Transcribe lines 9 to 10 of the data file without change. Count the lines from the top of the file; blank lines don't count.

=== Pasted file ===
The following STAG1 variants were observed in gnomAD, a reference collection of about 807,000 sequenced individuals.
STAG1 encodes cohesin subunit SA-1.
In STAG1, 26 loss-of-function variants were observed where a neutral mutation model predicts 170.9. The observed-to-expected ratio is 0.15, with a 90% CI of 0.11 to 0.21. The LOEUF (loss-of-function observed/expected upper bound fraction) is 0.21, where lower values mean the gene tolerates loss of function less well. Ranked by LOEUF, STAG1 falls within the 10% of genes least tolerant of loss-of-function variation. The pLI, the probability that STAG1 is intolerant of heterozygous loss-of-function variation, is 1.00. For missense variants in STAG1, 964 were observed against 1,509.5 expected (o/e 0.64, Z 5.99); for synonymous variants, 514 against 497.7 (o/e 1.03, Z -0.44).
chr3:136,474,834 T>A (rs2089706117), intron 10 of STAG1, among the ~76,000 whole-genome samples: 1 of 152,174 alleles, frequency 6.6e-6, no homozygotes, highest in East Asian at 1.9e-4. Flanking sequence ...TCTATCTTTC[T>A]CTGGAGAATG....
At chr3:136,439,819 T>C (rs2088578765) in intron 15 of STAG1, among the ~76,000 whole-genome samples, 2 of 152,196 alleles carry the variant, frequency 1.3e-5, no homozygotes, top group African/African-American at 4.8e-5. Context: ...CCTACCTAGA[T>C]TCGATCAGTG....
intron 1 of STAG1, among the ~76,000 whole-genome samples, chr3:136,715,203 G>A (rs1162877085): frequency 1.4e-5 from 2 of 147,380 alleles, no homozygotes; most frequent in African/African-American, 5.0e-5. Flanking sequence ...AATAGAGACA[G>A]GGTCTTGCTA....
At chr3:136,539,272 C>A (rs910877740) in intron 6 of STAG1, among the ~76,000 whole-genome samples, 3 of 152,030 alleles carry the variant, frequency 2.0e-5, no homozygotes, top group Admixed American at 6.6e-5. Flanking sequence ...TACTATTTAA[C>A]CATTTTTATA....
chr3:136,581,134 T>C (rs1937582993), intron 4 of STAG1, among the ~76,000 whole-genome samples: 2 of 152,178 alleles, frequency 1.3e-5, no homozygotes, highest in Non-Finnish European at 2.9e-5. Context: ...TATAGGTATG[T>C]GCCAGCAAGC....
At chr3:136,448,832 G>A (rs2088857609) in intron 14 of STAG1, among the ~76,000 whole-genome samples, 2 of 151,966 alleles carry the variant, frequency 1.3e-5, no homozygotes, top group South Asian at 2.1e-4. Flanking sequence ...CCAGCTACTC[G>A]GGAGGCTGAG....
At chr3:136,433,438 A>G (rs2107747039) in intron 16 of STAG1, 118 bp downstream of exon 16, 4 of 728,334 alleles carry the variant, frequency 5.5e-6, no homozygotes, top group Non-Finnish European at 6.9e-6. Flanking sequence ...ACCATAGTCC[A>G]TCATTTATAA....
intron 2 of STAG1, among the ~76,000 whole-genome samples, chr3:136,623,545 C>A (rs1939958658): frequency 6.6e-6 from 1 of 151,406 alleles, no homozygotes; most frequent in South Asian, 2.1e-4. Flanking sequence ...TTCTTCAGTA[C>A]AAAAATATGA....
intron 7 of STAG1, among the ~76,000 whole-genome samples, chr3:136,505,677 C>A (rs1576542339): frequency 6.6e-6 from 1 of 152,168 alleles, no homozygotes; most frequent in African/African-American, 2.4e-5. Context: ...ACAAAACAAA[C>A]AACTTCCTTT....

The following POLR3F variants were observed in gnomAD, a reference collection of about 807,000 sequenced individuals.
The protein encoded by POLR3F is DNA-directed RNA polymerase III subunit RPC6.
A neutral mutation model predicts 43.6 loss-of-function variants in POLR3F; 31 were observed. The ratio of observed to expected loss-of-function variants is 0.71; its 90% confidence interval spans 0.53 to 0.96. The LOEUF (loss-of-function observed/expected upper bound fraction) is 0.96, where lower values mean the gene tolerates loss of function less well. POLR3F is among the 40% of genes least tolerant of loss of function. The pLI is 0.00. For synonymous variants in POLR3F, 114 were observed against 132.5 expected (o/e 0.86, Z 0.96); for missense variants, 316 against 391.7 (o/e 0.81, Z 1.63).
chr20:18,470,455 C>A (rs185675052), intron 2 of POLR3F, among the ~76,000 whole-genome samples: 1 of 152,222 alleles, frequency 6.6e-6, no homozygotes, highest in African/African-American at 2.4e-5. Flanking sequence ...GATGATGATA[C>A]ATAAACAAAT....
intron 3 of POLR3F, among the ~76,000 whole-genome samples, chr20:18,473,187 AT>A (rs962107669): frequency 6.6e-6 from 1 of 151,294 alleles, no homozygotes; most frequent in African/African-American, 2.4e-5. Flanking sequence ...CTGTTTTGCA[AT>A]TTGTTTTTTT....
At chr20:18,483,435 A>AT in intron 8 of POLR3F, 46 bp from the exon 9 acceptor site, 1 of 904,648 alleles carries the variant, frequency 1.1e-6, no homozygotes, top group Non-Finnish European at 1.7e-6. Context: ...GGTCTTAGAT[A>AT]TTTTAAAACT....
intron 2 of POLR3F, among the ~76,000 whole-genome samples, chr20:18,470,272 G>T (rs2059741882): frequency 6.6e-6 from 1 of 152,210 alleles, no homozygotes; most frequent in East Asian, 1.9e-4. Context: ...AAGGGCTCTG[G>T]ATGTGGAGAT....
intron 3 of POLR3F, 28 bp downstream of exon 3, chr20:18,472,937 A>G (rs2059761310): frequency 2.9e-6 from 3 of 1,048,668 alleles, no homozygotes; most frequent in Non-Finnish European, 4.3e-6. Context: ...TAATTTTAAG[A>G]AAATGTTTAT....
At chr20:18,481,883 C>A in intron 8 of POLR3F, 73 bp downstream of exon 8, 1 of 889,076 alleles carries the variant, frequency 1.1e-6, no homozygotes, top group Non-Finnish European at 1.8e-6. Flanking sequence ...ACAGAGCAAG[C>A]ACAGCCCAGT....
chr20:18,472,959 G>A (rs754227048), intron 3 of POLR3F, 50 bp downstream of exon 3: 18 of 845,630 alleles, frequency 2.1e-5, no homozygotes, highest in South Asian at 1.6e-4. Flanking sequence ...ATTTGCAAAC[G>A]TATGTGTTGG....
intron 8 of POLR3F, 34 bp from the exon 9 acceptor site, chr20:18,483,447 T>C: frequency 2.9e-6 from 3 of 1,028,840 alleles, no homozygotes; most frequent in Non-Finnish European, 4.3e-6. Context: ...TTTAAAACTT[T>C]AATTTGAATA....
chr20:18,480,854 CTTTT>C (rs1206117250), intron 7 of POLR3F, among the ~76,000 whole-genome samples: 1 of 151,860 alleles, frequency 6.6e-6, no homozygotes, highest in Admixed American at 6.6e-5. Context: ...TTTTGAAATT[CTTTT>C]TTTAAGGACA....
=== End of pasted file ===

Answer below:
At chr3:136,448,832 G>A (rs2088857609) in intron 14 of STAG1, among the ~76,000 whole-genome samples, 2 of 151,966 alleles carry the variant, frequency 1.3e-5, no homozygotes, top group South Asian at 2.1e-4. Flanking sequence ...CCAGCTACTC[G>A]GGAGGCTGAG....
At chr3:136,433,438 A>G (rs2107747039) in intron 16 of STAG1, 118 bp downstream of exon 16, 4 of 728,334 alleles carry the variant, frequency 5.5e-6, no homozygotes, top group Non-Finnish European at 6.9e-6. Flanking sequence ...ACCATAGTCC[A>G]TCATTTATAA....